economic counter moves.

For these reasons, the opponents of BTC, TCOP and TCGP would perhaps have no
choice but to see, on one hand, BTC as a necessary evil to tolerate as a
compromise solution and on the other hand to vigorously interdict the efforts of
extending Western Option to the east of the Caspian, connecting Kazak-Turkmenistan
oil and gas to Baku through Caspian Sea. Incidentally, the pivots of politics,
discussed earlier, are readily available to them. In the short term, Azeri–Turkmen
bickering over Azeri ‘Kyapaz’ oil field that is claimed by Turkmenistan makes the
TCGP prospects murky. Discovery of gas at Azeri ‘Shah Deniz’ field has improved
Azerbaijan status from a net gas importer to a gas exporter42. This aspect will
have dampening effect on their mutual discord. The West led by USA considers these
geopolitical developments an opportunity to create situation in the Southern
Caucasus conducive to the world peace through achieving economic and political
stability out of erstwhile authoritarian states.
The success in Georgia to an extent triggers such hopes, which stand to,
consequently, neutralizing Russian coercive diplomacy in the region with no
particular flare for democratization process. Turkey being an important ally and
Azerbaijan now leaning to the West, NATO has, by implication, become an instrument
of stability with its professed war on terrorism. The West, mainly USA and Turkey,
perceives that their casting of shadow on the Caspian politics is nothing but a
necessity for the region in particular and the world in general. This way the West
not only augments security scenario in the region but also the security of
hydrocarbon resources, which have become so vital assets for the world at the dawn
of third millennium. General John J Sheehan’s comments cannot be brushed aside,
that he made in September 1997 when he led a contingent of 82nd Airborne Division
to conduct an airdrop in Kazakhstan. He said, “The message, I guess is, that there
is no nation on earth that we can not get to43.” While the general may have been
overestimating US capabilities as a traditional military self-glorification, yet
the neighbors including Russia took solace in toned down comments that it was
merely the US’s force projection exercise. The defense analysts are left with
little doubt, what the ‘general’ meant.

Broadening Spectrum of the Politics

Mostly scholars opine that China has expanded her role in the region that remained
largely unnoticed so far. Jumping in the Central Eurasian arena has become her
necessity because of burgeoning economy, which has been forecast to grow about 8
%. On the contrary, her indigenous oil and gas inventory is terribly short to
support massive growth of its economy. As seen in the previous statistics tables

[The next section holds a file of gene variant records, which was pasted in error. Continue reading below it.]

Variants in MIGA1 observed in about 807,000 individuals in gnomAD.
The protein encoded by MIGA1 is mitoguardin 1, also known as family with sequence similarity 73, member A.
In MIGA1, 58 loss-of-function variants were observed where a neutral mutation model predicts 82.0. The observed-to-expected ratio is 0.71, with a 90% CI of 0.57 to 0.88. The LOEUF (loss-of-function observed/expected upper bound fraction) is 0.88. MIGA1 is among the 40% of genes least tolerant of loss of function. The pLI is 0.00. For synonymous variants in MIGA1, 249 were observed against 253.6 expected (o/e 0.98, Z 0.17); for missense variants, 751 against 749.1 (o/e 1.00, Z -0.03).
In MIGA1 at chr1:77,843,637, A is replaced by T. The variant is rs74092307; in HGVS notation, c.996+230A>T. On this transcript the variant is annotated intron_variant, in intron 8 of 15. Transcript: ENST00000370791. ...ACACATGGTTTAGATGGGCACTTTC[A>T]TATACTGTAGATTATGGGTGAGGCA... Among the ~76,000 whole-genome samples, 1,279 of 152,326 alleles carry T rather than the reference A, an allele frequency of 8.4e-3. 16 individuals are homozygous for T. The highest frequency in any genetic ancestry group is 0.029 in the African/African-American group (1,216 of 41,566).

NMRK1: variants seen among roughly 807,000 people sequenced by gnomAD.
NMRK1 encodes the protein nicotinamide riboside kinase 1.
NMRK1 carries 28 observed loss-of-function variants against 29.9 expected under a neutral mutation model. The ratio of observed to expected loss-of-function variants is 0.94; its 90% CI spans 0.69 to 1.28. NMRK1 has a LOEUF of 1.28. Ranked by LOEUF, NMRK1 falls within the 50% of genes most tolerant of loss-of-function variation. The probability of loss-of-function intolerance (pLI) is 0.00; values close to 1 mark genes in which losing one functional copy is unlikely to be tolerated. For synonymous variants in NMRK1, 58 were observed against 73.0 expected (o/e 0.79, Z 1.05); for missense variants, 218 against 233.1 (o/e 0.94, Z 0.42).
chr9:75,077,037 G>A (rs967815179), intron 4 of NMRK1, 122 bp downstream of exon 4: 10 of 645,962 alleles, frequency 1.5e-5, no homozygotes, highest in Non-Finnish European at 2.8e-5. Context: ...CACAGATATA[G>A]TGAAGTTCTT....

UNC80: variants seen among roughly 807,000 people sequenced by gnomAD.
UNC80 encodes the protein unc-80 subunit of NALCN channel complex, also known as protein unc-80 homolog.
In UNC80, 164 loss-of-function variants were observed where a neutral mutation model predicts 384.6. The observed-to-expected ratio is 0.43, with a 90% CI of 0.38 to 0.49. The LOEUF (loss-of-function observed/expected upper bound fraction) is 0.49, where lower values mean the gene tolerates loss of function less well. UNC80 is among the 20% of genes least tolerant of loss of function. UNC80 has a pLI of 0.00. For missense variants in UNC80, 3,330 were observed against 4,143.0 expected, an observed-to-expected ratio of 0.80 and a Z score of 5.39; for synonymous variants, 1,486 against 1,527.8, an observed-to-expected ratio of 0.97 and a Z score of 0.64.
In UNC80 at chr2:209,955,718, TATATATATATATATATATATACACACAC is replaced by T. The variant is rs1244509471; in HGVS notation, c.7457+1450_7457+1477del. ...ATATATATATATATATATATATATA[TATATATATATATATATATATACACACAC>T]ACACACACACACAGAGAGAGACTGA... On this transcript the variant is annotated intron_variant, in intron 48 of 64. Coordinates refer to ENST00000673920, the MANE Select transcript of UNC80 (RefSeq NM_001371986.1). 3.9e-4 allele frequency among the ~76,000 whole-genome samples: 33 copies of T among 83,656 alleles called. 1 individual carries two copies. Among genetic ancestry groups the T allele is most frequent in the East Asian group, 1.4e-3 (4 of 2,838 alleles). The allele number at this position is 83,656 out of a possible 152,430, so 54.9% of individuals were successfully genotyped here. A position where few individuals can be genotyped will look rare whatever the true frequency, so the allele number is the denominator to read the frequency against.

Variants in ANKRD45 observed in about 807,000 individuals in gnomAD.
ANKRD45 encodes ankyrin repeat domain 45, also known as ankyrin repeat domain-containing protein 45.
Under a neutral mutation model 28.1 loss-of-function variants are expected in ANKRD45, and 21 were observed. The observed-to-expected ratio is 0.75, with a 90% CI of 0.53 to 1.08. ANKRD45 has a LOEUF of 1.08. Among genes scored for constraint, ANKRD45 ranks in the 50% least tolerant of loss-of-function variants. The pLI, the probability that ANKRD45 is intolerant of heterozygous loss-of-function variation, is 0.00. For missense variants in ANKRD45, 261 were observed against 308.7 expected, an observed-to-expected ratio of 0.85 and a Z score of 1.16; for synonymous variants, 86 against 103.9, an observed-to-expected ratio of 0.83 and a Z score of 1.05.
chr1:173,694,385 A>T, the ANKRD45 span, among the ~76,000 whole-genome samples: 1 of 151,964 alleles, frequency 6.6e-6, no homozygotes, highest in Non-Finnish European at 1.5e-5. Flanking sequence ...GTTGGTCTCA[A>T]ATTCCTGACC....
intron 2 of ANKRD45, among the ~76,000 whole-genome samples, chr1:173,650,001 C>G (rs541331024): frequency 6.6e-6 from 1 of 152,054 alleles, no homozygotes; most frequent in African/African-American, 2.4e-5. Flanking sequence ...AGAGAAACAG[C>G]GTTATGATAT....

for oil and gas, some figures set the record right. China has scanty oil reserves
of 17.1 Gb that make her share barely as 1.4 % of the world total. Similarly, her
oil production is by compulsion, modest but comparatively larger than her reserve
ratio that is figured as 4.5 % or 3.5 million bbl per day of the world total. When
her inventory of consumption is seen, it tells all. With meager indigenous
reserves and production, her consumption has surged to 6.68 million bbl per day or
8.2 % of the world total, registering an increase of 15.8 % over 2003. Similarly,
in natural gas her production is 40.8 Bcm or 1.5 % of the world total per year,
registering an increase of 18.5 % over 2003. However, Chinese economy consumes 39
Bcm each year or 1.5 % of the world total, registering an increase by 19 % over
The statistics prove that in order to allow her economy boom, China is left with
no choice but to squeeze every ounce of oil and gas. Her rapidly expanding economy
shall also consume inevitably the huge stocks of energy as well. While her gas
production is keeping pace with her consumption, the yearly surge in 2004 over
2003 had been colossal i.e. 19 %. In other words, her proven gas reserves
estimated to be of 2.23 tcm that make only 1.2 % of the world total proven gas
reserves shall deplete fast because of ever-increasing consumption. Assuming that
energy efficient measures enable China to steady her current rate of consumption,
which at the moment appears a hypothesis though, her gas reserves shall last for
only two years time. Her daily consumption of the petroleum products is second
largest in the world; 5.5 million barrels per day, which is projected to reach
12.8 million barrels per day by 2025. The most significant deal China struck with
Kazakhstan was the mutual agreement on KCP, which is scheduled to be completed by
late 2005. She is also likely to become Azerbaijan partner in oil and gas. March
2005 visit to China by Ilham Aliyeav marked the priority, both the countries
accord to each other. Obviously, Beijing is most interested in Azerbaijan oil.
After signing some PSAs between the two Governments, SOCAR has permitted a Chinese
oil company to work at Garachukhur oil field. China is thus, placed in a
profitable situation. Having contiguous borders with three of the five Central
Asian states, her energy stalking is naturally camouflaged by growth of massive
bilateral trade. Chinese trade volumes have doubled with Kazakhstan, grew by 127 %
with Uzbekistan while Kyrgyzstan has become third largest trading partner with
Xingjian44. Thus, it affords her a platform from trade and ethnicity commonalities
point of view that she may not be trampling the Central Eurasian sensibilities
with which her relationship is expanding no less. Still the same advantage in part
has become a Damocles sword for China, charting a course for her to tread it very
meticulously. Otherwise, the conspiracy theorists, at an opportune moment may
ignite the ethnic turmoil, which has brewed in Xingjian over the past centuries,
shattering her dreams to exploit the riches of her Central Asian province. In this